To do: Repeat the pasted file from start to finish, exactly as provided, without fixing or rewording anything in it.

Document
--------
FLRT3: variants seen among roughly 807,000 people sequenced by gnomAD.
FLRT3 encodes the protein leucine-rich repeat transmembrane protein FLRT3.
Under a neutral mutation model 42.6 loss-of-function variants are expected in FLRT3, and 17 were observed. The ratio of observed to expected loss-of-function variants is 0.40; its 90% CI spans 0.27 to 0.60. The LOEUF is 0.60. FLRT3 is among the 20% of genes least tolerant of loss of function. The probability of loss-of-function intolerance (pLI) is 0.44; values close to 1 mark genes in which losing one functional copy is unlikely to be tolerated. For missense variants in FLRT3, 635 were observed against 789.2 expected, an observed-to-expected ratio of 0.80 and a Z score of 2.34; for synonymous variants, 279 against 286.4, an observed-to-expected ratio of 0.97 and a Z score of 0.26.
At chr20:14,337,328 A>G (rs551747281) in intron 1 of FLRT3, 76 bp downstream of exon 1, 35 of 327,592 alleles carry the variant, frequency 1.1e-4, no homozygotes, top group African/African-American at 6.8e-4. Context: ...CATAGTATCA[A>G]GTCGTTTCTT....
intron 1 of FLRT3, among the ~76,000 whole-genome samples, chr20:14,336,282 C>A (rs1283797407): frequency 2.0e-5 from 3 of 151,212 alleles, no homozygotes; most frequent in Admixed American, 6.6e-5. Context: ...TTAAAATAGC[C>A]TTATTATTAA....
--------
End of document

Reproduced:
FLRT3: variants seen among roughly 807,000 people sequenced by gnomAD.
FLRT3 encodes the protein leucine-rich repeat transmembrane protein FLRT3.
Under a neutral mutation model 42.6 loss-of-function variants are expected in FLRT3, and 17 were observed. The ratio of observed to expected loss-of-function variants is 0.40; its 90% CI spans 0.27 to 0.60. The LOEUF is 0.60. FLRT3 is among the 20% of genes least tolerant of loss of function. The probability of loss-of-function intolerance (pLI) is 0.44; values close to 1 mark genes in which losing one functional copy is unlikely to be tolerated. For missense variants in FLRT3, 635 were observed against 789.2 expected, an observed-to-expected ratio of 0.80 and a Z score of 2.34; for synonymous variants, 279 against 286.4, an observed-to-expected ratio of 0.97 and a Z score of 0.26.
At chr20:14,337,328 A>G (rs551747281) in intron 1 of FLRT3, 76 bp downstream of exon 1, 35 of 327,592 alleles carry the variant, frequency 1.1e-4, no homozygotes, top group African/African-American at 6.8e-4. Context: ...CATAGTATCA[A>G]GTCGTTTCTT....
intron 1 of FLRT3, among the ~76,000 whole-genome samples, chr20:14,336,282 C>A (rs1283797407): frequency 2.0e-5 from 3 of 151,212 alleles, no homozygotes; most frequent in Admixed American, 6.6e-5. Context: ...TTAAAATAGC[C>A]TTATTATTAA....